Ionizing radiation can increase the risks of birth defects and miscarriage, however most of the metal detectors use non-ionizing radiation, or some that use give off a much lower level of radiation. Radiation is measured in RED, ROENTGEN or REM units. In international equivalent these units are SIEVERT or GRAY. Saying this, pregnant women shouldn’t be exposed to more than 0.5 REM during their entire pregnancy, or 0.05 REM per month. For example, a 3 hour round flight can exposure a pregnant woman to 0.005 REM and at the same time the overall effect of a walk though metal detector in that case will be totally negligible.

In conclusion, walk through metal detectors cannot harm a pregnant woman and its fetus, but it is advised that women, who are working with such and similar equipment very often, be prudent. Staying away from such devices as much as possible is beneficial to anyone´s health. There are as well badges that can be worn on a shirt that measures the radiation levels, which is recommended to people that are concerned about long term radiation exposure.

 

2.Q:Are Metal Detectors Safe for Pacemakers ?
A:  Metal detectors have caused a great deal of concern for those who have pacemakers, and understandably so. The pacemaker works by sending electric impulses to the heart in order to obtain a steady, measured beat. The Security detector emits an electro-magnetic field that could potentially cause interruptions in a pacemaker’s rhythm, or that’s the concern, anyway. Nick was a young man who had her life changed by her cardiologist. His dizzy spells were gone, and she no longer had to live life from the spectator seat. He walked into his office building, and was greeted with new and improved security. He balked at the sight of the security metal detector and instinctively placed his hand over his heart. She feared the effects the MD (metal detector) would have on the little piece of metal that was now so vital to his way of life.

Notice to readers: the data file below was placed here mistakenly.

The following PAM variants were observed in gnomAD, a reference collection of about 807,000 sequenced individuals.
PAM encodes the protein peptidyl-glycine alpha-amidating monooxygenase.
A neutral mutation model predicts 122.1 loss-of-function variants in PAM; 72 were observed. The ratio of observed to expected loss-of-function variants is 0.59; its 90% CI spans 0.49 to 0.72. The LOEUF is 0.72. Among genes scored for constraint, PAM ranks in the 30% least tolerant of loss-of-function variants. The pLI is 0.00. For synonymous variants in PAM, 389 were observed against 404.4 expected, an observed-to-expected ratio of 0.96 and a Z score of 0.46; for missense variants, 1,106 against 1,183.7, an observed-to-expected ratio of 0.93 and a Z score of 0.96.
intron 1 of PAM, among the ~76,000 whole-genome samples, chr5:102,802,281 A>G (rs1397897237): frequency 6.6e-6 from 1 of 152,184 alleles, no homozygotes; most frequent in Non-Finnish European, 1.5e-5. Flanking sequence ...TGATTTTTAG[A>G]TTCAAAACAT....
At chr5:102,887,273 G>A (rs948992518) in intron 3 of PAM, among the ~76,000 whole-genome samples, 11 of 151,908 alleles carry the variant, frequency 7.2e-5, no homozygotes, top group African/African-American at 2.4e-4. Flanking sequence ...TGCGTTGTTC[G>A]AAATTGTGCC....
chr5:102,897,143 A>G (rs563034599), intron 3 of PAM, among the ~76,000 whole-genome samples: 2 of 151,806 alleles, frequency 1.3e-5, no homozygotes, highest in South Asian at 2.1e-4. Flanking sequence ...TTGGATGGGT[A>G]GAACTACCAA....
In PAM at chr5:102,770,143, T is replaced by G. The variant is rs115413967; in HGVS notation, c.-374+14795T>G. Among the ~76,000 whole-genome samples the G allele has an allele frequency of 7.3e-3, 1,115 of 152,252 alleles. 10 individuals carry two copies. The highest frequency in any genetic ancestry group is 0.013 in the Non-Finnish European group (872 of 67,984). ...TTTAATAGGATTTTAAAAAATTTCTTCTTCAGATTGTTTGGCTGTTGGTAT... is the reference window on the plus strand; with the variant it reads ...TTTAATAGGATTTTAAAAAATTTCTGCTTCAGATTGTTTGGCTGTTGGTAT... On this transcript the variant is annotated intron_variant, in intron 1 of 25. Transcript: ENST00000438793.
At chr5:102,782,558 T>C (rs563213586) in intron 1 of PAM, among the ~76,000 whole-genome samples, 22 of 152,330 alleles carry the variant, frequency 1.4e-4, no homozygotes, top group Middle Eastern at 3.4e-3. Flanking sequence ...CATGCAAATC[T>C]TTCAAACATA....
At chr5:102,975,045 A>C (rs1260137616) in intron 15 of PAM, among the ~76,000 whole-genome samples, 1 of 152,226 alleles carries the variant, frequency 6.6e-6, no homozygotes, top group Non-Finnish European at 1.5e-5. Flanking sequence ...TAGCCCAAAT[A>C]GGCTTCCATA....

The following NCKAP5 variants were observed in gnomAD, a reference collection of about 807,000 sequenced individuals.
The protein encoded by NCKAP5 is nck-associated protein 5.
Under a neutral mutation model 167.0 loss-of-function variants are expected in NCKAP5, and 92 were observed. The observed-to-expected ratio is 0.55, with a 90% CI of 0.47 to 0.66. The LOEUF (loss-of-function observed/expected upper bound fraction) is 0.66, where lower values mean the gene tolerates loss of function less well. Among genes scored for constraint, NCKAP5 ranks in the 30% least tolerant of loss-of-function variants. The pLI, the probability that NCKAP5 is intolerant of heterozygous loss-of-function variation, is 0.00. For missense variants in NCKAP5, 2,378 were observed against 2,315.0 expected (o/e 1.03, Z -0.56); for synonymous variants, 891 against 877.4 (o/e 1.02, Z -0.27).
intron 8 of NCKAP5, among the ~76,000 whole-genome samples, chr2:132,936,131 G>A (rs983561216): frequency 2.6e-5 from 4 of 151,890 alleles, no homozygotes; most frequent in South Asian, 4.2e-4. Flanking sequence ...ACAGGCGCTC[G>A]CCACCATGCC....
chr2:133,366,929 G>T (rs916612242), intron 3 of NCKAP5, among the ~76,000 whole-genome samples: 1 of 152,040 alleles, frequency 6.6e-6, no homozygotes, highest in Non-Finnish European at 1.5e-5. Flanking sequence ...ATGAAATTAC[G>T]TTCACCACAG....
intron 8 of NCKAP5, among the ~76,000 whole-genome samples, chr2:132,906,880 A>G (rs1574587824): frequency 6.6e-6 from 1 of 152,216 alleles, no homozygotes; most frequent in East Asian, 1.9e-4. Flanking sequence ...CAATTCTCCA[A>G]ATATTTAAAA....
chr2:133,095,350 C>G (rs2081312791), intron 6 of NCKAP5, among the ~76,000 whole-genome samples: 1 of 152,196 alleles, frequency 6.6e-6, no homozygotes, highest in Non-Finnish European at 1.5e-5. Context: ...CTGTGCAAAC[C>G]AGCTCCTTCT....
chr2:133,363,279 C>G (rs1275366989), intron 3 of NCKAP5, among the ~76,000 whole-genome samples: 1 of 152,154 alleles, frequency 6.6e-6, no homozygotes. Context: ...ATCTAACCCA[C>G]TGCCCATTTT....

Unfortunately, there are many inaccurate sources on the internet. The internet has hosts of pages that have not been updated since the FDA issued their statement, and these pages proclaim warnings and spread fear. No wonder people are still concerned! Yet times have changed, and apparently, the FDA succeeded to some degree in eliminating the threat metal scanners pose for pacemakers.